Most teachers would probably naturally intuit this, but carting 20 students to downtown Boston so they may throw paper airplanes at strangers is probably not a good idea. Too many things could go wrong, and why, exactly, would they want to do this in the first place?
I was cautious, but I really care about putting students’ ideas at the forefront of learning, so we executed this harebrain idea anyway. It did not go so well. And, it was a huge success.
How can it be both? First some background….We used CNN’s Freedom Project throughout the term as one source for our research on modern slavery. One posted assignment, Paper Airplanes for Freedom, intrigued us. It is pretty simple: make a paper plane, write messages of solidarity on it, launch it, and encourage those that pick it up to do the same. It’s a novel way of spreading awareness. More slaves exist in the world today than at any point in human history….27 million by some counts.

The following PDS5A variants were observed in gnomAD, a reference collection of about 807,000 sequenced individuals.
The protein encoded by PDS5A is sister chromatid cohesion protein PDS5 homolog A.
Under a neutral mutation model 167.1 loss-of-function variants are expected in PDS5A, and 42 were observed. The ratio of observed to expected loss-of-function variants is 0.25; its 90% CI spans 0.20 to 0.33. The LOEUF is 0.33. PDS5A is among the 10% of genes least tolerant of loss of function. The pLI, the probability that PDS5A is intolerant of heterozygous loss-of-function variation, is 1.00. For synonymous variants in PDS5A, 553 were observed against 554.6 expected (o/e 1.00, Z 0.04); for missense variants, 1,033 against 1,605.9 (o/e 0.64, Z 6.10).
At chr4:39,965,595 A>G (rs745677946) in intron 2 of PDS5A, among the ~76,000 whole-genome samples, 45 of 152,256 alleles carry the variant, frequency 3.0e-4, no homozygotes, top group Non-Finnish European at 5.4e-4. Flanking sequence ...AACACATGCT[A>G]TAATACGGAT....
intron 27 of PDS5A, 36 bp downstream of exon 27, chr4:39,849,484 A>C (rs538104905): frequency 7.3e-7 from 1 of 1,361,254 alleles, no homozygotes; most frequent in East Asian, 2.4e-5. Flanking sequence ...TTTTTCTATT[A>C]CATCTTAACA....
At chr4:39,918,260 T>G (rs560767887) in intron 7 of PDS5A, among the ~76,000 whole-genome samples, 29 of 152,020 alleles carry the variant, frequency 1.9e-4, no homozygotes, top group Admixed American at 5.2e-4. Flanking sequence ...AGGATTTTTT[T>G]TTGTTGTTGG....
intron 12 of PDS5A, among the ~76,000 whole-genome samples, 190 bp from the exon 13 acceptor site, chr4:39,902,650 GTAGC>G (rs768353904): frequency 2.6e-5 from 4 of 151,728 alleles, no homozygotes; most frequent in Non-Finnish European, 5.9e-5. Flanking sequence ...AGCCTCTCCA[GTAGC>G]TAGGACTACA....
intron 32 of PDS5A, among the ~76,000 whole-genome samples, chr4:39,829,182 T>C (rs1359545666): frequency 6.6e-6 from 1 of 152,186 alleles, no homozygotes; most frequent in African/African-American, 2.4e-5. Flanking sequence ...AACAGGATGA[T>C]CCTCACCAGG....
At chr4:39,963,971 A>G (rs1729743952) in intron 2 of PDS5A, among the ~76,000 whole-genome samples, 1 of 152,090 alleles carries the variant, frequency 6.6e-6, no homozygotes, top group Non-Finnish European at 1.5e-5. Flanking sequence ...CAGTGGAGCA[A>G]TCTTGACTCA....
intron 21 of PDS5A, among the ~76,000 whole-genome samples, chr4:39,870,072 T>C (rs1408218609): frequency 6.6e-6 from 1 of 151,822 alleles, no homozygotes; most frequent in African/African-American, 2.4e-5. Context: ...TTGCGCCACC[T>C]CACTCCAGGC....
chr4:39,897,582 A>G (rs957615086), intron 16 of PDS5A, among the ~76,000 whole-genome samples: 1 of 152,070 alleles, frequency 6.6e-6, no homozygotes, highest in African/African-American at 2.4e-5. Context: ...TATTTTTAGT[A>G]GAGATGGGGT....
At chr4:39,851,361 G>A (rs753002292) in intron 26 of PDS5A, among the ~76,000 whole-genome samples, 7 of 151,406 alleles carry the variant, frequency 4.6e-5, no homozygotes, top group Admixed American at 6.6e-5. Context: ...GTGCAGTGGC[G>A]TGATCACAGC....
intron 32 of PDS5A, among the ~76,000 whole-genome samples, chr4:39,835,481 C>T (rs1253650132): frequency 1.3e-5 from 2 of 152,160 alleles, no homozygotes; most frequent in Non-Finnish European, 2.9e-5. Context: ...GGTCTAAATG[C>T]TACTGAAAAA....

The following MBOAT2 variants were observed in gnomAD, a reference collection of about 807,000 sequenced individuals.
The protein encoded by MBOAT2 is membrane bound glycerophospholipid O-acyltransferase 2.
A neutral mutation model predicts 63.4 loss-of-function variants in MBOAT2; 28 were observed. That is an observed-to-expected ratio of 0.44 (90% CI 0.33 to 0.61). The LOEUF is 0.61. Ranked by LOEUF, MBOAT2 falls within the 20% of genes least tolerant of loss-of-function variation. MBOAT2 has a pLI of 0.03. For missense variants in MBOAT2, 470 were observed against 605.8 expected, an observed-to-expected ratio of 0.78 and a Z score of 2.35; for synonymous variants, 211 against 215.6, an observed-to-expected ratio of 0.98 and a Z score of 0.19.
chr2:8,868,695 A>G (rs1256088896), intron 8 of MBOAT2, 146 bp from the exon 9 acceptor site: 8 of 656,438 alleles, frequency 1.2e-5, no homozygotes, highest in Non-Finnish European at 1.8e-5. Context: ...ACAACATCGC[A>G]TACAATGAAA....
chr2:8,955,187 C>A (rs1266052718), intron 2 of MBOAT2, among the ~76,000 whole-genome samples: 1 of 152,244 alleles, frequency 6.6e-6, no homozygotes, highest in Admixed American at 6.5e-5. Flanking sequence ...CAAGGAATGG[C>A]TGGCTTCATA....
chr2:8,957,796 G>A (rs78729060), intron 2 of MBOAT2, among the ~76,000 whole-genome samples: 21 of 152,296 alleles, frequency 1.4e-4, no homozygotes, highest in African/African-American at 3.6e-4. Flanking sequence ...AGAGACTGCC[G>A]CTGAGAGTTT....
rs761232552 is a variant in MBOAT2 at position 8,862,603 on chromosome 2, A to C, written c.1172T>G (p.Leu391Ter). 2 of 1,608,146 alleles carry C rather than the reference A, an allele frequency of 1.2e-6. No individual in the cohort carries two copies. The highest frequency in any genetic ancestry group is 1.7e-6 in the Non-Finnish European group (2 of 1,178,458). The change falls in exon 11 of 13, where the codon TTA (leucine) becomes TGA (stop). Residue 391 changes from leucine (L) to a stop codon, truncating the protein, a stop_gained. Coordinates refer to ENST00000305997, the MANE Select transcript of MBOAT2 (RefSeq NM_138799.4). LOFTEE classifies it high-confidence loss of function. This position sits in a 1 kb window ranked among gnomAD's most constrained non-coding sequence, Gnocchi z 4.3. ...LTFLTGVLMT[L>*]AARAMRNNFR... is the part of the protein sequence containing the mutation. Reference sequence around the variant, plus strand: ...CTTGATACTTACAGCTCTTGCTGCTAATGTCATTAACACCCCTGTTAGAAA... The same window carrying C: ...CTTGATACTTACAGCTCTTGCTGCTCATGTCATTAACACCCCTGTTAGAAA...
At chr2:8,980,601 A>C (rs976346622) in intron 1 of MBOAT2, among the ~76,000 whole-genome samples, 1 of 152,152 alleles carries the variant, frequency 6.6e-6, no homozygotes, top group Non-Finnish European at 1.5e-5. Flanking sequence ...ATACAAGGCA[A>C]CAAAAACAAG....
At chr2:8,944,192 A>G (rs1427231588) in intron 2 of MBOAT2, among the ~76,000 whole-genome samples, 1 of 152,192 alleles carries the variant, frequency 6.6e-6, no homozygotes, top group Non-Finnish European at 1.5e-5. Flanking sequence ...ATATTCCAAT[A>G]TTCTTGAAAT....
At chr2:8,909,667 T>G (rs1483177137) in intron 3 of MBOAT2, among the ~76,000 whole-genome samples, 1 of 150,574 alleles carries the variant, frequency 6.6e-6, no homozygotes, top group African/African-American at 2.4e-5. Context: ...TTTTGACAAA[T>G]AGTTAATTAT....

As we brainstormed our own ideas for raising awareness, the students had an overwhelming urge to create a public action. During the idea generating and iteration phases, “Paper Airplane Flash Mob” rose to the top. The students and I thought it represented a chance to grab people’s attention and make a lasting impression. We also thought we could execute it relatively easily.